We are developing audio hardware for the Raspberry Pi. One issue here is the quality of the power supply on the 5V and 3.3V voltage rails. A high quality power supply is a critical aspect in audio circuits. The Raspberry Pi hardware is quite challenging for a power supply, let’s see what happens with different power supplies.
We will look at 3 different 5V power supplies. We use a cheap Nokia AC-10E 5V/1.2A switching mode power supply, an Apple 10W USB power adapter and an inexpensive Manson NSP3630 lab power supply. There are much better lab power supplies available than the Manson, but for our tests this will be good enough. If the Raspberry Pi is just powered on and booted, the 5V rails looks like this:
|Nokia: 4.90-5.54V (0.64V pp)
Noise average: 265mV
|Apple: 4.67-4.81V (0.14V pp)
Noise average: 71mV
|Manson: 4.94-5.05V (0.11V pp)
Noise average: 62.5mV
You can easily see, that the quality of the Nokia power supply is really bad. The Apple power supplies have a good reputation and looking at the oscilloscope picture you can see, that the signal is a lot cleaner. The Quality of an external lab power supply is still better – but it is also much more expensive and very bulky. Also the voltage is different. But this is not a problem, if the voltage itself is stable.
But what happens, if the Raspberry really runs under load. To stress the system, we transferred files to the Raspberry using SSH. This brings load to the CPU, the network controller and the SD card.
|Nokia: 4.63-5.42V (0.79V pp)
Noise average: 266mV
|Apple: 4.60-4.82V (0.22V pp)
Noise average: 80mV
|Manson: 4.94-5.05V (0.11V pp)
Noise average: 66.1mV
The cheap Nokia adapter is worse than before, the voltage drops and peak-to-peak swing further increases. The Apple power supply looks good. But having a closing look at the data, you can see, that the voltage dropped a bit. The Manson lab power supply have no problems at all driving this load.
Conclusion: If you want to produce high quality sound on the Raspberry Pi, you should not use a cheap 5V/1A power supply.
Update 14.10.: We did some more research on noise sources. Check out what we found out about networking.
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Interesting. Since you have the setup ready, would you please also do another test?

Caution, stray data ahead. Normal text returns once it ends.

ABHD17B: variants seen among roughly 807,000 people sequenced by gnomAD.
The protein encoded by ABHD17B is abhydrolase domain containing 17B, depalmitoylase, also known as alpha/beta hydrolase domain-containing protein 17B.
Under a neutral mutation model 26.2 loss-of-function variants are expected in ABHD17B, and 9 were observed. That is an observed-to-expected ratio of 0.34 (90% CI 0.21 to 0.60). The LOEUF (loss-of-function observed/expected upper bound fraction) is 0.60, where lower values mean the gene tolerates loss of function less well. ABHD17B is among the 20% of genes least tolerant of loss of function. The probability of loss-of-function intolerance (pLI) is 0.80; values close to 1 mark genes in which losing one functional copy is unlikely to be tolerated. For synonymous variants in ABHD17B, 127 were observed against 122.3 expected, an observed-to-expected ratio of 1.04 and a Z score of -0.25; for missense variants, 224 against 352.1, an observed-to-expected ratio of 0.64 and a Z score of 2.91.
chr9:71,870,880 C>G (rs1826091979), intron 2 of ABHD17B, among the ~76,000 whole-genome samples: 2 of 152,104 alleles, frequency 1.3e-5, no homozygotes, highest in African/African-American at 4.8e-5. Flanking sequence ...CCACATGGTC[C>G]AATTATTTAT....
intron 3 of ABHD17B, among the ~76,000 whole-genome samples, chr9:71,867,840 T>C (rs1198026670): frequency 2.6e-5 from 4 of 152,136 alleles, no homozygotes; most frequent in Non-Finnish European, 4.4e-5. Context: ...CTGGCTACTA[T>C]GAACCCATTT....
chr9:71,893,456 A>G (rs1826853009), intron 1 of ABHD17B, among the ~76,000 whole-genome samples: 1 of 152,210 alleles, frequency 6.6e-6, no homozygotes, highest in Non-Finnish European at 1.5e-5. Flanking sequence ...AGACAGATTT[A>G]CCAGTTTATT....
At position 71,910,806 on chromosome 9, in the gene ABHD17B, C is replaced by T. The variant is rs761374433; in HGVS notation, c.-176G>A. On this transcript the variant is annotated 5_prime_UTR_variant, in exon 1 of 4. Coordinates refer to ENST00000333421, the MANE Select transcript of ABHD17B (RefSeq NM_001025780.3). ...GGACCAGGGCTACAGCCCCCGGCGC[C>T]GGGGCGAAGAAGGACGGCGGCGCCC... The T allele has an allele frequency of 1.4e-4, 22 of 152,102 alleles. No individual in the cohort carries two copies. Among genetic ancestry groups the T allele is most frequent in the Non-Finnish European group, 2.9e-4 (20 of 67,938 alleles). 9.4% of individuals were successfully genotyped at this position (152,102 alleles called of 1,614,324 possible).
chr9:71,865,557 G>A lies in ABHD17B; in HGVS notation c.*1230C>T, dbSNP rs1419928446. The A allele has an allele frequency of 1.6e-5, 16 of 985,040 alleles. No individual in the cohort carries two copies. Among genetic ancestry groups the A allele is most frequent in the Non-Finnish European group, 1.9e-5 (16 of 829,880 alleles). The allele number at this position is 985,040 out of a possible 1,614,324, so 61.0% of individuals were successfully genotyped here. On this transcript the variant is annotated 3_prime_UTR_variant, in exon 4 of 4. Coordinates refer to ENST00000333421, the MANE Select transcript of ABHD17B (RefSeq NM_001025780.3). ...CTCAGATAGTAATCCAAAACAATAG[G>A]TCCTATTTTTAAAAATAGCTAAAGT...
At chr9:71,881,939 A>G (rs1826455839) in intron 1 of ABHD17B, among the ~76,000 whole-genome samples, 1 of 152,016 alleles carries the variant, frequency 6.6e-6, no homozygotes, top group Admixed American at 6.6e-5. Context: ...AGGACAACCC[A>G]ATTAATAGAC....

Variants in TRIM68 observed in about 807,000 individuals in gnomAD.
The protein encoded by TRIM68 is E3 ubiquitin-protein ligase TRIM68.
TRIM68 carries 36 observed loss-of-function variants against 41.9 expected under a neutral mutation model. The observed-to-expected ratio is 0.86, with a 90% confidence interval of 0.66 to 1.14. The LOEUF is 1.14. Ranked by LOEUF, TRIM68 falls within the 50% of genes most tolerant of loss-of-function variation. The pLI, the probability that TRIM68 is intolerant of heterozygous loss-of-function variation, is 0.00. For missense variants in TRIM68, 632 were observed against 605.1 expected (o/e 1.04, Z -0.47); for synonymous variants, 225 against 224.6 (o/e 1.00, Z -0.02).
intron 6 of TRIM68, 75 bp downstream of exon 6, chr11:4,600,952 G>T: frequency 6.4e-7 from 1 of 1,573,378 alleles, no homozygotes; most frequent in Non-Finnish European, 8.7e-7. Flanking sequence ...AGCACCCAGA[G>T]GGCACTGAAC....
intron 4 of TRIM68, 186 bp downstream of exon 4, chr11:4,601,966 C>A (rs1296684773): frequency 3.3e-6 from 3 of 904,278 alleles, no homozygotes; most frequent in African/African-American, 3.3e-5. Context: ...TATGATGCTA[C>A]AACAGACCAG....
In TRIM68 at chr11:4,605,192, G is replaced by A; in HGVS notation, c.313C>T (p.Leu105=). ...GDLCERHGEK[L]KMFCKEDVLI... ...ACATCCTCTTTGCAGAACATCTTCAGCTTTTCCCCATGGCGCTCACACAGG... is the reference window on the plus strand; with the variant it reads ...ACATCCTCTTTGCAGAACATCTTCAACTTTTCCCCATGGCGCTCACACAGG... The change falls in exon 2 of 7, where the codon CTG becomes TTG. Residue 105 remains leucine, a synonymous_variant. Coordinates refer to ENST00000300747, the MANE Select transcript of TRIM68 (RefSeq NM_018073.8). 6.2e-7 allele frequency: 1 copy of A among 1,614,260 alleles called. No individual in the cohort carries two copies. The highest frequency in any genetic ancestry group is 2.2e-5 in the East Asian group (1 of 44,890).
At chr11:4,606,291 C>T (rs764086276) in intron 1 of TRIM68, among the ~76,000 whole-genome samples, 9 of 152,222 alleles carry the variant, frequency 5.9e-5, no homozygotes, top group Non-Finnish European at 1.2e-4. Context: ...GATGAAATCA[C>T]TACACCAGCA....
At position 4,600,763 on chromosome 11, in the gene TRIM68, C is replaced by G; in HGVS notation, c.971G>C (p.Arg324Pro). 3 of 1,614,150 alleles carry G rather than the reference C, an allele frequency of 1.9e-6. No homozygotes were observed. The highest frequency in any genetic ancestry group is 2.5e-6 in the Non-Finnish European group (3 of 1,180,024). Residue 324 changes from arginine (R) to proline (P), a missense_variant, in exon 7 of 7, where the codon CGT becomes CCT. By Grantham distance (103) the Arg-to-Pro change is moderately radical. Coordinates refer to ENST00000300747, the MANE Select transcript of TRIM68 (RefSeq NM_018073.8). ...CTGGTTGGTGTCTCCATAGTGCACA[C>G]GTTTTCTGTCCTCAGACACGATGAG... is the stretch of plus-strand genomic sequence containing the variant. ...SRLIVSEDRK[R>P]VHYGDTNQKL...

Play a 1 kHz sine wave at a good volume and measure the spectrum and the distortion caused on the output by the different power supplies, instead of measuring the noise on the input supply.
Of course, to get a good reading you should connect both channel of the analog output to a proper resistor, to create a regular load (10 kOhm for the analog line out of the DAC, suitable for an audio amplifier).
This test I suggested you has never been done elsewhere (I searched) and I think it could be very useful.
we did this kind of test already with our own HiFiBerry DAC. However, we did not document it here. There was a very small impact on THD+N. When we get some time again, we will publish those results. Even with the worst power supply, THD+N was still below 0.006% (usually 0.004%). However, other sound cards might perform different. Therefore it is risky to say that in general there is only little impact.
I’m trying to make a little “music box” using a 5v amplifier and a couple of small passive speakers.
When I use the same power supply for the raspi and the amplifier, the noise introduced is huge.
Could your dac be a solution? of I must use independent power supplies for the amplifier and the raspi?
there are many possible noise sources. The DAC itself will not solve this problem. You should have an amplifier that is relatively resistant to different noise sources. Therefore, even an additional power supply might not fully solve your noise problems.
There is no easy way to say what will work best. It needs an analysis of all parts and the potential noise sources.
If you’d be inclined to test it and post your results, I could send you a Pi Power evaluation sample. I sell them on Tindie, and I believe they’re an excellent solution to the problem. It has a 2.1mm barrel connector and accepts 6-15 VDC and will generate up to 2A @ 5V with 25 mV P-P ripple (when the input is > 9V. Below that the ripple rises up to 45 mV @ 6V in).
While this does mean you still have to come up with a DC power supply, the problem of finding one with such a wide range and with reduced current requirements (at 12 volts a Pi with WiFi takes less than 300 mA) and – most importantly – no voltage regulation requirements (apart from 6-15 VDC) vastly simplifies the problem.